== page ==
As many as 6,000 students drop out of college every day. Every day!
Despite the proliferation of higher ed stories in the media — from institutional rankings to college closures to success on the basketball court — this is the one that never receives enough attention yet represents a loss of as much as $41 Billion dollars in tuition revenue per year.
There clearly is a persistence and college completion crisis in this country. Only half of students who start college will graduate with a degree. Those students are then saddled with debt that is exponentially more difficult to pay off. For students from traditionally under-served minority communities, these outcomes are even more dire.
To solve this crisis, it will take a paradigmatic change in how higher education thinks about and approaches student success. Institution-specific solutions aren’t going to cut it. The sense of belonging is important, but the solution isn’t as simple as students feeling the “right fit” on campus. Unexpected issues that arise — changes in financial or family situations, or an overall shift in mindset — are not adequately addressed by current processes on campuses alone.
At EdSights we are proposing a radical shift. There is plenty of aggregate collected data about a student — from grades and attendance to zip codes and meal card swipes. When we stop our analysis here, we rely on guesswork to determine how individual students feel. At EdSights, we propose a radical shift. We must start listening and collecting data from the student, not just about the student. This will help us understand the key drivers impacting student persistence.
It takes a village to support student success. Academic Affairs and Student Affairs professionals have a shared responsibility to support student success nationwide. That is why we are launching the single largest student persistence research study of its kind, using our data-informed methodology based on four key drivers to maximize student success:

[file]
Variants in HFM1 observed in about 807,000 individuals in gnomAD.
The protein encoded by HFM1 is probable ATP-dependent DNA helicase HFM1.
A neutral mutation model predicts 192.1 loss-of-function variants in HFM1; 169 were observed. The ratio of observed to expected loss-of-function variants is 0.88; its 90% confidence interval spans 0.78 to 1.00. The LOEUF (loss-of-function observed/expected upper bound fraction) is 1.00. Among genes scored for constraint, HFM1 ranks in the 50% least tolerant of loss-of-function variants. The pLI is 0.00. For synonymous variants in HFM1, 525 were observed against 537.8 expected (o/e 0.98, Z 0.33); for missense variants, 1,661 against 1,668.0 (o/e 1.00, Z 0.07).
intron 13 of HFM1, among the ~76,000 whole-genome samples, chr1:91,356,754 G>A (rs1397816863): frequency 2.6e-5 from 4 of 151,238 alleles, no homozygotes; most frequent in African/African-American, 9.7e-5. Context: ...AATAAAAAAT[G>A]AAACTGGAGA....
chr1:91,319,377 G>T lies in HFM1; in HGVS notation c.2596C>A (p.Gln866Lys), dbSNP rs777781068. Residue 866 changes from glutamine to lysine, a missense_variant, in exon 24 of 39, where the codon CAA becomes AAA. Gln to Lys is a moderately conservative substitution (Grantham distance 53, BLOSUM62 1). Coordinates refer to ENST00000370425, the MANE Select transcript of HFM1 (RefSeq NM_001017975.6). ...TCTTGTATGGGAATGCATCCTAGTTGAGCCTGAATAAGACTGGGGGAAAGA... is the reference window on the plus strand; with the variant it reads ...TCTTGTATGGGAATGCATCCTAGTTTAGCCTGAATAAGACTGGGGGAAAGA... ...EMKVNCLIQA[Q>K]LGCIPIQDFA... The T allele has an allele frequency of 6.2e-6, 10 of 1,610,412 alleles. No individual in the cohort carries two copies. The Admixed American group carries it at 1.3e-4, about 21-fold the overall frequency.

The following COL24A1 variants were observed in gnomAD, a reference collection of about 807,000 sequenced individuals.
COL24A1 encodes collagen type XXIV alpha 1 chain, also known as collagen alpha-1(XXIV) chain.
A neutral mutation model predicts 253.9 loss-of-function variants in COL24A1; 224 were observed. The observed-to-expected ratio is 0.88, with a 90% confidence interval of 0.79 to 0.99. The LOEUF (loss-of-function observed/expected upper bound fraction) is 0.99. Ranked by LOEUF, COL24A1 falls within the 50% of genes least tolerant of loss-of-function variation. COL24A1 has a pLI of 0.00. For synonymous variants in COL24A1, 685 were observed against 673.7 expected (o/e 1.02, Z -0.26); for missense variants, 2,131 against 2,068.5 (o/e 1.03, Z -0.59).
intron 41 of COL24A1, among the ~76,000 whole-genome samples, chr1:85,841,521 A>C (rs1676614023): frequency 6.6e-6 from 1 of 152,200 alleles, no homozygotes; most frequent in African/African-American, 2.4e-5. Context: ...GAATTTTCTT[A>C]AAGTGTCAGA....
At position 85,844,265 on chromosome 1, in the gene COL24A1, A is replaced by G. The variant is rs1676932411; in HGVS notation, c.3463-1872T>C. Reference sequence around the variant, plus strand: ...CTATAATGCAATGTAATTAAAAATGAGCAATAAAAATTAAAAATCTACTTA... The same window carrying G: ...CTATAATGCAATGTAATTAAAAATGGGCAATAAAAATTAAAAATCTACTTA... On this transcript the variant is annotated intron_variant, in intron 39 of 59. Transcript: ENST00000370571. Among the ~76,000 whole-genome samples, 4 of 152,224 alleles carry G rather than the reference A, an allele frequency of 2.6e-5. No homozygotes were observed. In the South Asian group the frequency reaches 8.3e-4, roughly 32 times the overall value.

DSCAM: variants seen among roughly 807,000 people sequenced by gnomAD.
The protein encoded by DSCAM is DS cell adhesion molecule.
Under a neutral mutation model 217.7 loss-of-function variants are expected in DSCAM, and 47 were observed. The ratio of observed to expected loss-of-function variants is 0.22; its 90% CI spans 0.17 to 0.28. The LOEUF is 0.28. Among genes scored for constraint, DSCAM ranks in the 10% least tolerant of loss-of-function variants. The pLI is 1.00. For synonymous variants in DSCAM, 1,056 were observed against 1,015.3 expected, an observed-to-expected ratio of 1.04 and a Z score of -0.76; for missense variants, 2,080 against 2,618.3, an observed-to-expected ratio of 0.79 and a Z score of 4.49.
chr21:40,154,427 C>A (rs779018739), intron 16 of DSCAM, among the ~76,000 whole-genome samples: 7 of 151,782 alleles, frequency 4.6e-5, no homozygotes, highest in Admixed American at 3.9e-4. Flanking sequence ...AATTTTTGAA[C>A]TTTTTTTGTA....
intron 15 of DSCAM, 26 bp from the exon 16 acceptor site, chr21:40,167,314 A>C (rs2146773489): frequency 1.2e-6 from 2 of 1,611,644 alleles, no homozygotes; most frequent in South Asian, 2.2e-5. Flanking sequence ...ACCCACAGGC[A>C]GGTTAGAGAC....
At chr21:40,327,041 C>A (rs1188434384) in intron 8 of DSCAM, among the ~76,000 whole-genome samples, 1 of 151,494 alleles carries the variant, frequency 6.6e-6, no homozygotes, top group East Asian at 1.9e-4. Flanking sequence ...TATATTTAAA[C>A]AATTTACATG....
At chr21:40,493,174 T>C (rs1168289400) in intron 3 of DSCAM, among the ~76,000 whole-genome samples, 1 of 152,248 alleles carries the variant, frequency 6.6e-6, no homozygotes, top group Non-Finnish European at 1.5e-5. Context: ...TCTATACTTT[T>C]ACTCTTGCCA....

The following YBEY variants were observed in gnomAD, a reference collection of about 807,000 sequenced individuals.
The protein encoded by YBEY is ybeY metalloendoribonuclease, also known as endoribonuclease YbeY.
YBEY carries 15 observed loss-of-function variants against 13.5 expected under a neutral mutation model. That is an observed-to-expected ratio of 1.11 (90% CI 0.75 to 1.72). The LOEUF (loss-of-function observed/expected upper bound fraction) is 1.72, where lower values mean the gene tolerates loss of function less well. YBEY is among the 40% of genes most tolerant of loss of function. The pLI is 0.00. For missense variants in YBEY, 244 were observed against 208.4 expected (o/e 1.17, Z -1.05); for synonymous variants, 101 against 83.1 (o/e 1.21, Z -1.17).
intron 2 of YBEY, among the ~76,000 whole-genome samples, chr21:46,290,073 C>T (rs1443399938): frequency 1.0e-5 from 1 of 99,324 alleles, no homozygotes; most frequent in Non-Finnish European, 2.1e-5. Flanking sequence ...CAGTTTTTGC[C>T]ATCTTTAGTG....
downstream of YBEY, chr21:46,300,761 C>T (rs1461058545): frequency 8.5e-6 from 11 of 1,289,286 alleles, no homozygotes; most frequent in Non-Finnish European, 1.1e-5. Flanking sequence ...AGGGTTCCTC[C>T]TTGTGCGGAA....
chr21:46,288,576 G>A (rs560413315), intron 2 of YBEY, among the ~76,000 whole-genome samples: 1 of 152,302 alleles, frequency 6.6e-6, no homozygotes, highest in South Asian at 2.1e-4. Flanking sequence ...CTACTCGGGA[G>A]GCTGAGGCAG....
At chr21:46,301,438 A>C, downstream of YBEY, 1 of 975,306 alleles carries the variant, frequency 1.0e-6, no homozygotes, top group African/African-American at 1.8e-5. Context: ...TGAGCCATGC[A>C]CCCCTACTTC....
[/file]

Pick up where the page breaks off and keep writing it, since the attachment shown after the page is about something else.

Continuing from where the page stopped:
Participation in this study will provide participating institutions with key insights for their campus and benchmarks across their category and the country. Additionally, students in this study will benefit from our proprietary outreach that connects them with resources and staff who can help them be successful. (All while prioritizing the time of overworked Student Affairs and Academic Affairs professionals.)
The findings of our study — and the broader impact on student success — will undoubtedly be deeper and more meaningful as more institutions participate.
As a country we have a shared responsibility to ensure that students who start their college journey finish it in a timely manner to take full advantage of all the opportunities that a college degree will afford. A single student's failure is all of our failure and it is time for a fresh approach.
As part of this research initiative, EdSights will share weekly insights on our blog and across social media to help campus professionals make data-informed decisions for their campus, regardless of participation in our study.
We will culminate the study’s findings in a new annual report that will serve as a benchmark for student persistence and retention. The report will be released at our inaugural client summit next fall. We look forward to sharing details with you soon.
Finally, we are launching EdSighters — the first shared community of higher education professionals that care deeply about supporting student outcomes. This community will benefit from a shared experience and focus on supporting and improving student outcomes. We encourage you to become an EdSighter today to show your commitment to student success and outcomes.
We look forward to taking this journey together.
By Carolina Recchi
Co-Founder and CEO at EdSights
Carolina moved to the US from Italy at 17 for college. As a first-generation US college student she experienced first-hand the hurdles of navigating higher education. Not knowing who to turn to for help as a student, she decided to build a technology that helps all students navigate college. Today, EdSights works with ~100 institutions and Carolina was named by Forbes one of the most influential people in education.